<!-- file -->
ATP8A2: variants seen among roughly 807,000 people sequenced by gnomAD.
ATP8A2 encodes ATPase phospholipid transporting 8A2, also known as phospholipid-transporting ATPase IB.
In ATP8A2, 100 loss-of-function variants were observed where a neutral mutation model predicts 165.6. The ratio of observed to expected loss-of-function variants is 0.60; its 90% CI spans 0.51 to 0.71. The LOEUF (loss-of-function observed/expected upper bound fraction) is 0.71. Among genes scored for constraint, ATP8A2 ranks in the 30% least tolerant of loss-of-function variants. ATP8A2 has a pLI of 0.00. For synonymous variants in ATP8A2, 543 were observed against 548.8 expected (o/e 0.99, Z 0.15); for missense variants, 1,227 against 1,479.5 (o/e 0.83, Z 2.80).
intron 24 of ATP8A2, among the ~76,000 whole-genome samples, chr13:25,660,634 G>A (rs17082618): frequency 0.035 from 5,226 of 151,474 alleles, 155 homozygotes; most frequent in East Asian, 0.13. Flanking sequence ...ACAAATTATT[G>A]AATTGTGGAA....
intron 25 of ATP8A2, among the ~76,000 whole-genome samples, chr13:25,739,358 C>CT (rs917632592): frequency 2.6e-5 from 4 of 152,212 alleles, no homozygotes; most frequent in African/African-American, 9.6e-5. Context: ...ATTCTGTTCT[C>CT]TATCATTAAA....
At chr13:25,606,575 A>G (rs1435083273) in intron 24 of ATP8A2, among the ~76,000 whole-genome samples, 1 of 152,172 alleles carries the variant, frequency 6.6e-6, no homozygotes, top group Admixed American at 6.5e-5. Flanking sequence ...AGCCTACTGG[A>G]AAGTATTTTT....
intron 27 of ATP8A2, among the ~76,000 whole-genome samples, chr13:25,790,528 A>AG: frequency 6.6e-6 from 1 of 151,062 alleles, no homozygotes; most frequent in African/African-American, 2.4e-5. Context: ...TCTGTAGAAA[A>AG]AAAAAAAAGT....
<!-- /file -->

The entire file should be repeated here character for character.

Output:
ATP8A2: variants seen among roughly 807,000 people sequenced by gnomAD.
ATP8A2 encodes ATPase phospholipid transporting 8A2, also known as phospholipid-transporting ATPase IB.
In ATP8A2, 100 loss-of-function variants were observed where a neutral mutation model predicts 165.6. The ratio of observed to expected loss-of-function variants is 0.60; its 90% CI spans 0.51 to 0.71. The LOEUF (loss-of-function observed/expected upper bound fraction) is 0.71. Among genes scored for constraint, ATP8A2 ranks in the 30% least tolerant of loss-of-function variants. ATP8A2 has a pLI of 0.00. For synonymous variants in ATP8A2, 543 were observed against 548.8 expected (o/e 0.99, Z 0.15); for missense variants, 1,227 against 1,479.5 (o/e 0.83, Z 2.80).
intron 24 of ATP8A2, among the ~76,000 whole-genome samples, chr13:25,660,634 G>A (rs17082618): frequency 0.035 from 5,226 of 151,474 alleles, 155 homozygotes; most frequent in East Asian, 0.13. Flanking sequence ...ACAAATTATT[G>A]AATTGTGGAA....
intron 25 of ATP8A2, among the ~76,000 whole-genome samples, chr13:25,739,358 C>CT (rs917632592): frequency 2.6e-5 from 4 of 152,212 alleles, no homozygotes; most frequent in African/African-American, 9.6e-5. Context: ...ATTCTGTTCT[C>CT]TATCATTAAA....
At chr13:25,606,575 A>G (rs1435083273) in intron 24 of ATP8A2, among the ~76,000 whole-genome samples, 1 of 152,172 alleles carries the variant, frequency 6.6e-6, no homozygotes, top group Admixed American at 6.5e-5. Flanking sequence ...AGCCTACTGG[A>G]AAGTATTTTT....
intron 27 of ATP8A2, among the ~76,000 whole-genome samples, chr13:25,790,528 A>AG: frequency 6.6e-6 from 1 of 151,062 alleles, no homozygotes; most frequent in African/African-American, 2.4e-5. Context: ...TCTGTAGAAA[A>AG]AAAAAAAAGT....